Maria said everyone felt pressure to work fast. “The crew leader would egg the workers on and intimidate the
workers who were slow. It almost became a tradition in the field; the person who was the fastest was the best
worker . . .. [It’s] something that has been instilled in us to work hard. Prove yourself, be a good worker.” Th One summer vacation in high school she harvested zucchini, bending down all day to pick the vegetables. “You
had to go really fast,” she explained. “You had to bend down for hours until your next break . . .. A lot of people
who did zucchini before have back problems. I was young and I know how much my back hurt after one season
. . .. I don’t know if I blame the field, but ever since I worked in zucchini, I have had a lot of back problems. I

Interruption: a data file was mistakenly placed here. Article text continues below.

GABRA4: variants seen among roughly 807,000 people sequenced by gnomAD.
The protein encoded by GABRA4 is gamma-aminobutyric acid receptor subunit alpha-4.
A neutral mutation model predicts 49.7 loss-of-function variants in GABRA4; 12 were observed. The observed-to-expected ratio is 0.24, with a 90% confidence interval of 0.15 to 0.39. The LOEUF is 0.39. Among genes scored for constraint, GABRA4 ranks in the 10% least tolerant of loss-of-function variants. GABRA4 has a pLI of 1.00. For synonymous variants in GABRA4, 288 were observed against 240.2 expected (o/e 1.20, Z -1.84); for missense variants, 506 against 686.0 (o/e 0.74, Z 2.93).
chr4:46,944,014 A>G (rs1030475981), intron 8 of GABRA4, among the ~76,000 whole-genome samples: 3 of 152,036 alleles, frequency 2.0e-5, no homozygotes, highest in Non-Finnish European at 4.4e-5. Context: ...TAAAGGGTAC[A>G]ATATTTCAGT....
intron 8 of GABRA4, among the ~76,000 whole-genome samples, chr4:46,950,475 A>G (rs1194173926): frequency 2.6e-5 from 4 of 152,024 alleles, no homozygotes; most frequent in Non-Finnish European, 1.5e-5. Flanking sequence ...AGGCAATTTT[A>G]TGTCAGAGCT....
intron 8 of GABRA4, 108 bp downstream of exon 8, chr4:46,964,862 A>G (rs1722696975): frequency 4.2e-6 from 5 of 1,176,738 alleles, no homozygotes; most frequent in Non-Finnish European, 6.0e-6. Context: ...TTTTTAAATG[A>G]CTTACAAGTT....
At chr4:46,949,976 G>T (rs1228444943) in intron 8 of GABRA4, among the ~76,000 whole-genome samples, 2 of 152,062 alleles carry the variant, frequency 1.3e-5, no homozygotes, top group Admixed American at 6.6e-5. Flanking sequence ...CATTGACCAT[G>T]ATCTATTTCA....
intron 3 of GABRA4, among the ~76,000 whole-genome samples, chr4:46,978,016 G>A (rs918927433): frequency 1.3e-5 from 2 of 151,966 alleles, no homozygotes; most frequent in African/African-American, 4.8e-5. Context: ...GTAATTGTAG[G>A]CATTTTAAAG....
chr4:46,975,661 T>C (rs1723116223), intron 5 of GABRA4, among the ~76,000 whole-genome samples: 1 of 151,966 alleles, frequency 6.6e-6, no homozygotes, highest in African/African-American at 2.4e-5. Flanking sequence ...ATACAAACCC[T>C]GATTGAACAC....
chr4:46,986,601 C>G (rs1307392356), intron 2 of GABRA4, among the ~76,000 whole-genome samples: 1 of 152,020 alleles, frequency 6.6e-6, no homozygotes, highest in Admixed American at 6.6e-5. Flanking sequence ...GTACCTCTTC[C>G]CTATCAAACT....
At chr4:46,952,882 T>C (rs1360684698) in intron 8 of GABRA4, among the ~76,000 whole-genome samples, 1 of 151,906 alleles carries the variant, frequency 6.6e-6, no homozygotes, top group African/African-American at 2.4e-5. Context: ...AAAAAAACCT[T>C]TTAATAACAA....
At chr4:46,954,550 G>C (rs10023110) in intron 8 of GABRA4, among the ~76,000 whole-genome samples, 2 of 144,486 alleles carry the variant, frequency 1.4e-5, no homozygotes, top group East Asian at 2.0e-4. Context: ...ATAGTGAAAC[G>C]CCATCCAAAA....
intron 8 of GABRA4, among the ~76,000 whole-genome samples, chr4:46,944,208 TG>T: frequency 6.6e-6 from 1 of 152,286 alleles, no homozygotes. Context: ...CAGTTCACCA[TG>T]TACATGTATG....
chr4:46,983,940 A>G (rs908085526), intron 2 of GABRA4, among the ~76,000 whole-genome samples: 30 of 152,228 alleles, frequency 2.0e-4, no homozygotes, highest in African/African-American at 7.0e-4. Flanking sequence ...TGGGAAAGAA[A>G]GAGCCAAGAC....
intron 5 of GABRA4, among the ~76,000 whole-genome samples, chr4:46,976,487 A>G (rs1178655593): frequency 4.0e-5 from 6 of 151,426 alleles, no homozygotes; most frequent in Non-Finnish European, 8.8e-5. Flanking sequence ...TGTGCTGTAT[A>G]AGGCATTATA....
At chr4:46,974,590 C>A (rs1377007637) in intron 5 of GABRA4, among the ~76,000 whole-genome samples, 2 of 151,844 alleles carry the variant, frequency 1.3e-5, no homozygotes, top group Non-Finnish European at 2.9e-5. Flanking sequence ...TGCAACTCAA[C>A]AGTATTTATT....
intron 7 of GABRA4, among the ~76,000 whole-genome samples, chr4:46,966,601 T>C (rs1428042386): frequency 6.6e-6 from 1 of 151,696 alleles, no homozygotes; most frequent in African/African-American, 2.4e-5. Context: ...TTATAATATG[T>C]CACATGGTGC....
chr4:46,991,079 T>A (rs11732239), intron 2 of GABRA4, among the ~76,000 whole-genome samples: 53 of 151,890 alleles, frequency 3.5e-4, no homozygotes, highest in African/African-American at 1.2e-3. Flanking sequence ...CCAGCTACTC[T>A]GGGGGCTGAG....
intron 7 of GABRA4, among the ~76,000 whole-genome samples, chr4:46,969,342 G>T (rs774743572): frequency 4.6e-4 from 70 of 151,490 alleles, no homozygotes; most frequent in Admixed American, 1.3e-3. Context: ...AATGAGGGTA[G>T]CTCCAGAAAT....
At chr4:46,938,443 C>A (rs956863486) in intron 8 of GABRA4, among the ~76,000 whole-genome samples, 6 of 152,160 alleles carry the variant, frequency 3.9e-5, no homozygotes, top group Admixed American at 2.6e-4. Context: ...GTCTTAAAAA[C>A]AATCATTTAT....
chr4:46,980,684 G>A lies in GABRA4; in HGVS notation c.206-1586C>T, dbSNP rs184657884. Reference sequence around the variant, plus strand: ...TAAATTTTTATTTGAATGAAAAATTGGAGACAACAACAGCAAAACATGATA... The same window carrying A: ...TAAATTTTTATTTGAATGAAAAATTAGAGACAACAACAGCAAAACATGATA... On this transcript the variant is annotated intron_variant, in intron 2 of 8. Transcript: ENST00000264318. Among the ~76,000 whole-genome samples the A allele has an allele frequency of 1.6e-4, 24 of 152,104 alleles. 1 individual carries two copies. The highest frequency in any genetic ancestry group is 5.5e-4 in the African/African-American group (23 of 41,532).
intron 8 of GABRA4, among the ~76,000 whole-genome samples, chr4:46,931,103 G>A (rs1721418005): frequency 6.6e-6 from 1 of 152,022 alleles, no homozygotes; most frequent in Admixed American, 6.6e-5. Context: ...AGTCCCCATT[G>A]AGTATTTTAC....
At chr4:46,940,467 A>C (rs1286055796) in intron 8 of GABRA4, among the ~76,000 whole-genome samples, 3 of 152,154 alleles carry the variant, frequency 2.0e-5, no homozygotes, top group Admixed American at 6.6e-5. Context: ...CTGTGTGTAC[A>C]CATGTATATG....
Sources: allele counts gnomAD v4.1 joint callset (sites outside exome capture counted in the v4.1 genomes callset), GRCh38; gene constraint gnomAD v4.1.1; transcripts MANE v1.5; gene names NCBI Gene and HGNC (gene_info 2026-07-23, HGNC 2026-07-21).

don’t know if it was zucchini or if it was just working for years in the field.”
Maria was the only member of her family picking zucchini and one of only three girls in the field. “The first
time we got there,” she said, “the guys were just joking around and said this was a guy’s job, it was no place for
girls, that we should just go home.” She added, “It wasn’t an easy job . . .. Sometimes it was very frustrating
because guys would tell you stuff.” Because Maria’s father was known in the community, she said, she was
spared more serious harassment, but the men were verbally abusive to one of her co-workers.
At the time, Maria said, she did not know anything about pesticides but has since learned. “Now that I know
about pesticides,” she told us, “I’m pretty sure we entered many fields” with recently applied pesticides.